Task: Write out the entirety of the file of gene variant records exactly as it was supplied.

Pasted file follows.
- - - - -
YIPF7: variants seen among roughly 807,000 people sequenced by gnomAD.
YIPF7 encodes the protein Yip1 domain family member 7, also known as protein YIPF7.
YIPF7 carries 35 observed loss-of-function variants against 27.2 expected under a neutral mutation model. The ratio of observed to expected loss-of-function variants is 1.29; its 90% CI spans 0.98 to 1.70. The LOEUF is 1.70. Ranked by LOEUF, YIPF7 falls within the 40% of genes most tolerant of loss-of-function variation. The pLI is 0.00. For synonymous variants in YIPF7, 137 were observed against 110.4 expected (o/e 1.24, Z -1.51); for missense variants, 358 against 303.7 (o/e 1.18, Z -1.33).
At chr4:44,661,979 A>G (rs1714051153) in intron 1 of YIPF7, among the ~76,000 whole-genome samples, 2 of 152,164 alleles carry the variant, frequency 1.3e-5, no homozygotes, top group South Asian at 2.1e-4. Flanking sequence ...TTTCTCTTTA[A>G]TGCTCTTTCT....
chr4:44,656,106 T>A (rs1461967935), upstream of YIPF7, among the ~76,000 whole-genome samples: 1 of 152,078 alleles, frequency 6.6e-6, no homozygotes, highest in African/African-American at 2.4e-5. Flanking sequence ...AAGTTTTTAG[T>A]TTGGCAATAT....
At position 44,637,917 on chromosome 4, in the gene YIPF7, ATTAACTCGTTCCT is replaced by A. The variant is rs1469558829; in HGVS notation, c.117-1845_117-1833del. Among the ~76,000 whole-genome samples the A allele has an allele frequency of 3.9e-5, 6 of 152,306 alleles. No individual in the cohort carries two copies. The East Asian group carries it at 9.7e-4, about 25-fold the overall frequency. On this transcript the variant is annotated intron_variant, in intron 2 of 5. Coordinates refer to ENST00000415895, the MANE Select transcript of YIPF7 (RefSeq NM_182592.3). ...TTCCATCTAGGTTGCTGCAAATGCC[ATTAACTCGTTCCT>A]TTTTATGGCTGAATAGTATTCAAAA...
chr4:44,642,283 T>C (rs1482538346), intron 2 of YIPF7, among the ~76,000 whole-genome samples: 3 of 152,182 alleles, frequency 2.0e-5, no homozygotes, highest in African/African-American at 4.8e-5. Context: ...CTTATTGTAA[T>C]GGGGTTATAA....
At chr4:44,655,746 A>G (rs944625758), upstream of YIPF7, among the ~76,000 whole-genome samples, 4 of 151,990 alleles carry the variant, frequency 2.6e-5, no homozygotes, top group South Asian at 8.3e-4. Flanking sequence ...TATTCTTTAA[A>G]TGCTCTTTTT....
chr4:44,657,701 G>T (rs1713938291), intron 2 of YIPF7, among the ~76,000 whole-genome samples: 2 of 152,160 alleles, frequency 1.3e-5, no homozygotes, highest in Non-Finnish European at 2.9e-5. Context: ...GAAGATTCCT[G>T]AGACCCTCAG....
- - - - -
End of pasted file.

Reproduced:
YIPF7: variants seen among roughly 807,000 people sequenced by gnomAD.
YIPF7 encodes the protein Yip1 domain family member 7, also known as protein YIPF7.
YIPF7 carries 35 observed loss-of-function variants against 27.2 expected under a neutral mutation model. The ratio of observed to expected loss-of-function variants is 1.29; its 90% CI spans 0.98 to 1.70. The LOEUF is 1.70. Ranked by LOEUF, YIPF7 falls within the 40% of genes most tolerant of loss-of-function variation. The pLI is 0.00. For synonymous variants in YIPF7, 137 were observed against 110.4 expected (o/e 1.24, Z -1.51); for missense variants, 358 against 303.7 (o/e 1.18, Z -1.33).
At chr4:44,661,979 A>G (rs1714051153) in intron 1 of YIPF7, among the ~76,000 whole-genome samples, 2 of 152,164 alleles carry the variant, frequency 1.3e-5, no homozygotes, top group South Asian at 2.1e-4. Flanking sequence ...TTTCTCTTTA[A>G]TGCTCTTTCT....
chr4:44,656,106 T>A (rs1461967935), upstream of YIPF7, among the ~76,000 whole-genome samples: 1 of 152,078 alleles, frequency 6.6e-6, no homozygotes, highest in African/African-American at 2.4e-5. Flanking sequence ...AAGTTTTTAG[T>A]TTGGCAATAT....
At position 44,637,917 on chromosome 4, in the gene YIPF7, ATTAACTCGTTCCT is replaced by A. The variant is rs1469558829; in HGVS notation, c.117-1845_117-1833del. Among the ~76,000 whole-genome samples the A allele has an allele frequency of 3.9e-5, 6 of 152,306 alleles. No individual in the cohort carries two copies. The East Asian group carries it at 9.7e-4, about 25-fold the overall frequency. On this transcript the variant is annotated intron_variant, in intron 2 of 5. Coordinates refer to ENST00000415895, the MANE Select transcript of YIPF7 (RefSeq NM_182592.3). ...TTCCATCTAGGTTGCTGCAAATGCC[ATTAACTCGTTCCT>A]TTTTATGGCTGAATAGTATTCAAAA...
chr4:44,642,283 T>C (rs1482538346), intron 2 of YIPF7, among the ~76,000 whole-genome samples: 3 of 152,182 alleles, frequency 2.0e-5, no homozygotes, highest in African/African-American at 4.8e-5. Context: ...CTTATTGTAA[T>C]GGGGTTATAA....
At chr4:44,655,746 A>G (rs944625758), upstream of YIPF7, among the ~76,000 whole-genome samples, 4 of 151,990 alleles carry the variant, frequency 2.6e-5, no homozygotes, top group South Asian at 8.3e-4. Flanking sequence ...TATTCTTTAA[A>G]TGCTCTTTTT....
chr4:44,657,701 G>T (rs1713938291), intron 2 of YIPF7, among the ~76,000 whole-genome samples: 2 of 152,160 alleles, frequency 1.3e-5, no homozygotes, highest in Non-Finnish European at 2.9e-5. Context: ...GAAGATTCCT[G>T]AGACCCTCAG....